Haywood takes steps to open businesses safely
Since the Coronavirus Pandemic began in earnest in Haywood County in mid-March, emergency physician Dr. Mark Jaben has been the face of the county’s response, so much so that he’s now regularly stopped on the area’s hiking trails by strangers exclaiming, “Hey, you’re the guy from YouTube!”
Jaben’s YouTube briefings on the pandemic, as well as his appearances before county commissioners, have been informative and prolific, but ultimately everything the county is or isn’t able to do is guided by President Donald Trump’s policies and North Carolina Gov. Roy Cooper’s policies.
Per Gov. Cooper’s three-phase reopening plan, the state has now progressed through phase 1 and into phase 2 — by some accounts too soon, and by others, too late.
Regardless, businesses of almost every stripe are now open in some form or fashion, so Cooper’s launched the “Count on Me NC” campaign, which offers online training modules designed to help businesses recognize and manage the risks associated with commercial activity during the pandemic.
Although the five modules delineate best practices for all businesses and have separate, special sections geared towards restaurant owners and operators, back-of-house food service employees like chefs and front-of-house workers like servers, there remains one glaring omission: customers.
That’s led to the “We Are a Safe Space” initiative here locally. Within that initiative, there’s a special checklist that will let customers know what businesses are doing to keep them safe, while also letting customers know how they can help businesses keep them safe.
Jaben’s already done a few Zoom meetings with the Haywood County Chamber of Commerce and the Haywood County Tourism Development Authority regarding the initiative, and specifically focused on two of Haywood County’s biggest economic sectors, retail and lodging.
Briefings on restaurants will come next week, just as most restaurants, breweries and distilleries are reopening with special restrictions under clarified guidance issued by Cooper on May 22.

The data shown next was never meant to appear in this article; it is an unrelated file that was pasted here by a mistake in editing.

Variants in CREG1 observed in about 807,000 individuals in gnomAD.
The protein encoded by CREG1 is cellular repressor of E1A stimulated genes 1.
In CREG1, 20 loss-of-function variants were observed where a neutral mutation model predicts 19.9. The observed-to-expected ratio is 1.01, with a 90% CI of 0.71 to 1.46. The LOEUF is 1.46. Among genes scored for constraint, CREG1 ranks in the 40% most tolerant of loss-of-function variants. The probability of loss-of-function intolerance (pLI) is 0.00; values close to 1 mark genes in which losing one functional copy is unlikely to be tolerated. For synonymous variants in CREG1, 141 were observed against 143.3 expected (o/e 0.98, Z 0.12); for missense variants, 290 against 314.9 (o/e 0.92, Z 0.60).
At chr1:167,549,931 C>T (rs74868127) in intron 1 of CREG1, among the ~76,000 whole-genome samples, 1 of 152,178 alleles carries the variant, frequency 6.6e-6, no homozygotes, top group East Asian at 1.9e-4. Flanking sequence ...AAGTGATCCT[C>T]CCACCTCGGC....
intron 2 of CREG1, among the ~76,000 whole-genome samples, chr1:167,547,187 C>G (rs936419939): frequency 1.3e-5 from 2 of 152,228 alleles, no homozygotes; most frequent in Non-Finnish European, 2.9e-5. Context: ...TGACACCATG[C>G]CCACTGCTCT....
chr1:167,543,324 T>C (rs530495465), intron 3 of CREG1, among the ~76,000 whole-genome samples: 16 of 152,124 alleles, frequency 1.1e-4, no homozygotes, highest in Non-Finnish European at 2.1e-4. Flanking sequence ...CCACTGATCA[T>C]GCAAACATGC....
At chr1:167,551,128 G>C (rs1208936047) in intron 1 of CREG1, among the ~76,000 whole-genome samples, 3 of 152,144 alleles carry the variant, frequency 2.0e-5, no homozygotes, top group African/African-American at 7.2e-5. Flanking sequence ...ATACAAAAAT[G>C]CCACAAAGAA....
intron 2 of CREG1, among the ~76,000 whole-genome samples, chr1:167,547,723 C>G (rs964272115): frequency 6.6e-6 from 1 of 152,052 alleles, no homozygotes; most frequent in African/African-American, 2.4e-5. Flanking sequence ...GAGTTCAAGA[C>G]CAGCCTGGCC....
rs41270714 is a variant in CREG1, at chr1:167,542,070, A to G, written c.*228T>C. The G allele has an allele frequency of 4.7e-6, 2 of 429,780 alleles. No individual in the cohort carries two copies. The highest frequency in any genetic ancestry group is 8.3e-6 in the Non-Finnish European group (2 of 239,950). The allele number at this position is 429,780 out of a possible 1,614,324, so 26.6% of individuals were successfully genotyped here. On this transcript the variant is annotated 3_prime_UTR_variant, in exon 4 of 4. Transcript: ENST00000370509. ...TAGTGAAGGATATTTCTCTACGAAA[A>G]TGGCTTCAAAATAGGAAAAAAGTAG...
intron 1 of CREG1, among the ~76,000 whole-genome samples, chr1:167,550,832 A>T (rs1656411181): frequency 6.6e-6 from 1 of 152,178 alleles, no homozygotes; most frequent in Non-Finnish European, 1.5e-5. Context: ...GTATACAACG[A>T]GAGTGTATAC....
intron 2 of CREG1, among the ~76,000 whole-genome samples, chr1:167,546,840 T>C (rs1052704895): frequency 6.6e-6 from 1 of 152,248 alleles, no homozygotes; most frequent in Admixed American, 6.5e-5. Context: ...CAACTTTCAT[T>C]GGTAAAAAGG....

The next day, Jaben spoke with The Smoky Mountain News about the flow of misinformation, current COVID-19 cases and how businesses, in conjunction with customers, can safely serve locals as well as the tourists that drive Haywood County’s economy.
The Smoky Mountain News: As you’ve been going about your work during this pandemic, which do you think is worse — the pandemic itself or the misinformation that’s being spread so widely?
Dr. Mark Jaben: I think the pandemic for sure because it’s the pandemic that really carries the risk to all of us. The question for all of us, I think, is how we’re going to respond to that. At what level do we think the risk is enough that an individual chooses to act or not act? The fact of the matter is, we could make all the recommendations that we want, but we can’t make people do things.
The varying degrees of misinformation just compound the difficulty for a person to really judge what their level of risk is, and therefore what they’re willing to do.
I think in Haywood County, we’ve tried to be putting out a consistent message to people. What’s really been a challenge is that the information from Haywood County may be consistent, but there’s statewide information, there’s national information, there’s the conspiracy theorists and the rumor mill.
SMN: It’s interesting, how all this complicates people’s ability to assess their own risk level. What have you seen out there that you think is probably the most damaging?
MJ: The most egregious thing for me is, the way our minds work we look at a situation and the more uncertainty there is in the situation, the more we try to connect the dots into a narrative that fits that situation. The most dangerous thing out of all of this is honestly people’s willingness to accept information that just confirms their current narrative, and either their unwillingness or inability to acknowledge what really is going on.
SMN: So what is really going on? The HIPAA [Health Insurance Portability and Accountability Act of 1996] guidelines that protect people’s privacy are also a bit frustrating, because it’s only natural as a human being to want to know who’s been afflicted, how they got it, where they got it, where they went before they knew they had it.
MJ: In Haywood County the overwhelming majority of our cases have been people under 45 or 50, which is the age range that tends to do the best with the virus. That may very well explain why we haven’t really had any hospitalizations, we haven’t had any people on ventilators, we haven’t had any deaths.